LLM in International Human Rights Law and Practice

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LLM in International Human Rights Law and Practice

The key paradox of international human rights law is that the proliferation of treaties and adjudicative bodies of the past decades has not significantly diminished serious human rights violations and abuses in every state. As a consequence, standard setting and implementation, international treaties and domestic law, states and non-state actors have become central focuses of human rights activists and scholars.

The LLM in International Human Rights Law and Practice engages students in a critical, nuanced and interdisciplinary examination of this paradox and the multiple focuses of today’s human rights law and practice, while providing you with the practical socio-legal skills necessary to apply global norms at the local level.

Why study International Human Rights at York?

The LLM in Human Rights Law and Practice engages you in a holistic examination of the law, policy, and advocacy of human rights. As such, it provides the substantive knowledge, versatile skills and valuable networks necessary for mid-career professionals and recent graduates to work in the human rights field. The LLM is offered on both a full-time and part-time basis.

The LLM in Human Rights Law and Practice is distinctive because our students:

  • Work on real human rights issues – You will acquire the knowledge and skills necessary to apply international human rights frameworks and to make use of international mechanisms for promoting and protecting human rights at local, national, regional and global levels;

  • Have the opportunity to work in partnership with international and local NGOs, human rights defenders, UN mechanisms and governmental bodies – You will develop socio-legal research skills and acquire fieldwork experience during a two-week placement in Malaysia (student numbers permitting) or in York;

  • Learn from the experiences of human rights defenders based at the Centre for Applied Human Rights and from the interactions with your student peers – You will learn to critically examine how political and social context shape human rights issues at legal and policy levels and develop advocacy strategies to address these issues;

  • Are taught in innovative and interactive small-class formats by academics who undertake cutting-edge research and are also experienced practitioners – You will acquire a solid academic foundation relevant to human rights practice, an excellent basis for a new career, career progression or PhD studies in the field of human rights.

Admission requirements 

Applicants will normally be expected to have obtained an undergraduate degree with honours (2:1 or higher, or its equivalent). Some academic study or practical experience of law is desirable though not required. Applications are also welcomed from candidates with a good 2:2 degree (or equivalent) and at least 3 years of relevant work experience.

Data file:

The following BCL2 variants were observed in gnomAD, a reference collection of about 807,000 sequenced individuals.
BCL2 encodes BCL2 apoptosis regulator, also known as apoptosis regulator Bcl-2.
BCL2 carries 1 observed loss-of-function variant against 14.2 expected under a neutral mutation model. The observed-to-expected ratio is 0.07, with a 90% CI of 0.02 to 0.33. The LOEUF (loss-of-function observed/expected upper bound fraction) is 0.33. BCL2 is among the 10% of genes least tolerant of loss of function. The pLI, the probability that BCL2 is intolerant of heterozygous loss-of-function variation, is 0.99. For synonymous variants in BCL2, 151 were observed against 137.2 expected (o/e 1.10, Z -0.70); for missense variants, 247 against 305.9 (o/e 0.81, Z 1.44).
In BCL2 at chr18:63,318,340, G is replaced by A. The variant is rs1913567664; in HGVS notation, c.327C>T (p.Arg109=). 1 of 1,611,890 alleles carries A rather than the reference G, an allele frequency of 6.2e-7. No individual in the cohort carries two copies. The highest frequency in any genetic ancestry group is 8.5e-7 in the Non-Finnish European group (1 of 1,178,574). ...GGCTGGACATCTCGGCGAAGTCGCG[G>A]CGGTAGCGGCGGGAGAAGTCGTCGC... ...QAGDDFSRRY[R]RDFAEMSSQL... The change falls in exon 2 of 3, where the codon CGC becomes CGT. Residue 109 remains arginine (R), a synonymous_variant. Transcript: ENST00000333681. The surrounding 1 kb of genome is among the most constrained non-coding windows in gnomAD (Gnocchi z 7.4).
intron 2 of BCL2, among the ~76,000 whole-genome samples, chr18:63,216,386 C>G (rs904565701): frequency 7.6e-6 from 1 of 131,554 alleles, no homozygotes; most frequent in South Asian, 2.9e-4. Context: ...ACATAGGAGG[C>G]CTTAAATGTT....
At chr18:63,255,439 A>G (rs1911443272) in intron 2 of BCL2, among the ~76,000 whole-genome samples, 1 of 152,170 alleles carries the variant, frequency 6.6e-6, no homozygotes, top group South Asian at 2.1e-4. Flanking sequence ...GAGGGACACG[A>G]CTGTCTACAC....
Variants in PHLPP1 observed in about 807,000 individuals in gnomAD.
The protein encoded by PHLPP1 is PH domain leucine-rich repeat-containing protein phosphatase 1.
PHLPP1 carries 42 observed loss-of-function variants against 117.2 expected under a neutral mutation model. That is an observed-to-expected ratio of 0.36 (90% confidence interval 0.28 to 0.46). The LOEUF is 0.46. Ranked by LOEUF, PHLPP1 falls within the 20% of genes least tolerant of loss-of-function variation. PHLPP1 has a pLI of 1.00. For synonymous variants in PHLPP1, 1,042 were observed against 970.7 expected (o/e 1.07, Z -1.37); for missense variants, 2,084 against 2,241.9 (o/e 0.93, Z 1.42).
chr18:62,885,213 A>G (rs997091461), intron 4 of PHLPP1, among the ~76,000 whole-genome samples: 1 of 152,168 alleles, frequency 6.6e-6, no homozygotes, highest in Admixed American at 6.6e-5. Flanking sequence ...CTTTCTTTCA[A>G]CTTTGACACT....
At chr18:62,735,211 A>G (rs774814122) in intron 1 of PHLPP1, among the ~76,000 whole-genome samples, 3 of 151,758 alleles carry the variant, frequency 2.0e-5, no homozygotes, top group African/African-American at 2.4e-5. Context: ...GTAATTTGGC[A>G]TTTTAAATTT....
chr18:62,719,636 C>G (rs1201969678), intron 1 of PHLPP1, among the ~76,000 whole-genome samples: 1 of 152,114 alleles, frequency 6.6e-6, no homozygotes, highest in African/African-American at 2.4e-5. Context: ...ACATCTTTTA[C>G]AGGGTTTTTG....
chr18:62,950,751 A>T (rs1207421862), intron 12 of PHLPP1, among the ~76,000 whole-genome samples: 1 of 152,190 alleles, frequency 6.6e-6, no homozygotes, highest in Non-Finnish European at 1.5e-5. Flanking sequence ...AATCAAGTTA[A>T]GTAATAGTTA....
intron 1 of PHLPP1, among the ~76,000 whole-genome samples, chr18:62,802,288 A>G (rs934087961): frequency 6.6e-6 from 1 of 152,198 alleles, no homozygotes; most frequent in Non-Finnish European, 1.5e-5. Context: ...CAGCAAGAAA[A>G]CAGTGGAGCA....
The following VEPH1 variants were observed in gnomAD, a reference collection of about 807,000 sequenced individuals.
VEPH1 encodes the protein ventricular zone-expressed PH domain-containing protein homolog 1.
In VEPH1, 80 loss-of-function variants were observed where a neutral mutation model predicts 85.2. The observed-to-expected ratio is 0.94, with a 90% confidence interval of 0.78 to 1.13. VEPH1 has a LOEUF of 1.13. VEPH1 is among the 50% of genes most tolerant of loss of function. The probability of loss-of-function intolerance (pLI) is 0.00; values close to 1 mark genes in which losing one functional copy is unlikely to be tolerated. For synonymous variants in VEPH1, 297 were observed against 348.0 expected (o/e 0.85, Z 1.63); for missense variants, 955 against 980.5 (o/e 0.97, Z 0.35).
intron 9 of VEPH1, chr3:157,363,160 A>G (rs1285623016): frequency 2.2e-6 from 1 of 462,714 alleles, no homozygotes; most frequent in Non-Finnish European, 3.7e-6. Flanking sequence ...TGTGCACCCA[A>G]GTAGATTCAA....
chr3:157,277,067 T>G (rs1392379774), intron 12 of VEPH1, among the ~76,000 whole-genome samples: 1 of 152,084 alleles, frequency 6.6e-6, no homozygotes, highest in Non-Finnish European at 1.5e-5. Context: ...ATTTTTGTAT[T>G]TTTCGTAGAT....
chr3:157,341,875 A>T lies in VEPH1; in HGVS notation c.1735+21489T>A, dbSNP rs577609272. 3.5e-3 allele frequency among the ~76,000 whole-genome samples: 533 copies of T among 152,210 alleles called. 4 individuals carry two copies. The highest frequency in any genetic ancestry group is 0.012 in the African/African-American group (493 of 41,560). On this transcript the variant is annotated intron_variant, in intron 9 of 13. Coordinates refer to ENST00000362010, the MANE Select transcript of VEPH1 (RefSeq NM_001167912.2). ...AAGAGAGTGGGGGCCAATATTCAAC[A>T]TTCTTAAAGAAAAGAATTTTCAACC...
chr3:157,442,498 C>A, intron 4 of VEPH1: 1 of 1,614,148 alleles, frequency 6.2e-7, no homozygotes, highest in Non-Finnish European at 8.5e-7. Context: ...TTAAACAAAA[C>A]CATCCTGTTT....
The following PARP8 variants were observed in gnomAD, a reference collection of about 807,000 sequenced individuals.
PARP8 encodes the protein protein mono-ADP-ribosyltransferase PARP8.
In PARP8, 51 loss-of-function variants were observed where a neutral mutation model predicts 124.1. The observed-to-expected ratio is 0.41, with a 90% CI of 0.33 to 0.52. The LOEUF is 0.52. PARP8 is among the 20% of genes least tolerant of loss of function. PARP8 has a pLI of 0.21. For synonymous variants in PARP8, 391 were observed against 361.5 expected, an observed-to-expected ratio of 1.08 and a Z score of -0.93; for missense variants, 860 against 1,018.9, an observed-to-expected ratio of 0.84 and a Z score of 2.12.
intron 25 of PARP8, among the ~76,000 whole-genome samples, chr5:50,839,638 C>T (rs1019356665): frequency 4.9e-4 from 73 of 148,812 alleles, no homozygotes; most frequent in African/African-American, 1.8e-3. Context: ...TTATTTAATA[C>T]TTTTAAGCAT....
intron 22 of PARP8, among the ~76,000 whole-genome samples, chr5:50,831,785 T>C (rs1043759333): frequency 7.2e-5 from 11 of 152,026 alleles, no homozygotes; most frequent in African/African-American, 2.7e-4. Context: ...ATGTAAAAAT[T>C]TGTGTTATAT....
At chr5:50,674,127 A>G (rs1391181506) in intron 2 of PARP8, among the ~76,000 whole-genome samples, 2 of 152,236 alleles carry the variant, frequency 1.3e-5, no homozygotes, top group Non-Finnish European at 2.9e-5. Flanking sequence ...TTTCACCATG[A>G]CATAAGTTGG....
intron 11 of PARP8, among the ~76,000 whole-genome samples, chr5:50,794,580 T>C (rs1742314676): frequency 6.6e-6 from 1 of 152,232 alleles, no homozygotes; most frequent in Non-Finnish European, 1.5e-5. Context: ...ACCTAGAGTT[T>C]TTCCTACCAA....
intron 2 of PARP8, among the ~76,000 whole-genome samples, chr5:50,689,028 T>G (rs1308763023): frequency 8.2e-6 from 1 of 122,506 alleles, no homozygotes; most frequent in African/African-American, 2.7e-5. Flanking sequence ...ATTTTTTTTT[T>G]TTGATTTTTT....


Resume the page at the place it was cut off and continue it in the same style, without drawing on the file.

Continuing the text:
English language requirements

If your first language is not English, and you have not completed an undergraduate degree in English, you will need these minimum English test scores:

  • IELTS: 7.0, with a minimum of 7.0 in Writing and no less than 6.5 in all other components

  • PTE: 67, with a minimum of 67 in Writing and no less than 61 in all other components

  • CAE and CPE (from January 2015): 185, with a minimum of 185 in Writing and no less than 176 in all other components

  • TOEFL: 96 with a minimum of 24 in Writing and no less than 23 in all other components

  • Trinity ISE: level 3 with Distinction in all components

Further guidance can be found on the International Applicants language requirements page.

 

Where after the LLM?

Our LLM provides career advice, networking opportunities, hands-on experience, and personalised reference letters to help our graduates find good jobs with human rights NGOs, charities, humanitarian organisations, policy think-tanks, bar associations, national human rights institutions, governmental bodies, domestic judiciaries, UN agencies and other international and regional organisations.

For example, recent graduates are working with:

  • The Bar Council (bar association representing barristers in England and Wales)

  • Defence for Children International

  • Development NGO in West Africa

  • East and Horn of Africa Human Rights Defenders Network

  • Egyptian human rights NGO

  • European Union Special Representative's Office in Afghanistan

  • Foreign and Commonwealth Office

  • Human Rights Watch

  • National Human Rights Commission of Korea

  • Pakistan's judicial sector

  • UK-based NGO working with sub-Saharan children affected by HIV/AIDS

  • United Nations High Commissioner for Refugees

Some of our students specifically credit the LLM with helping them advance their careers.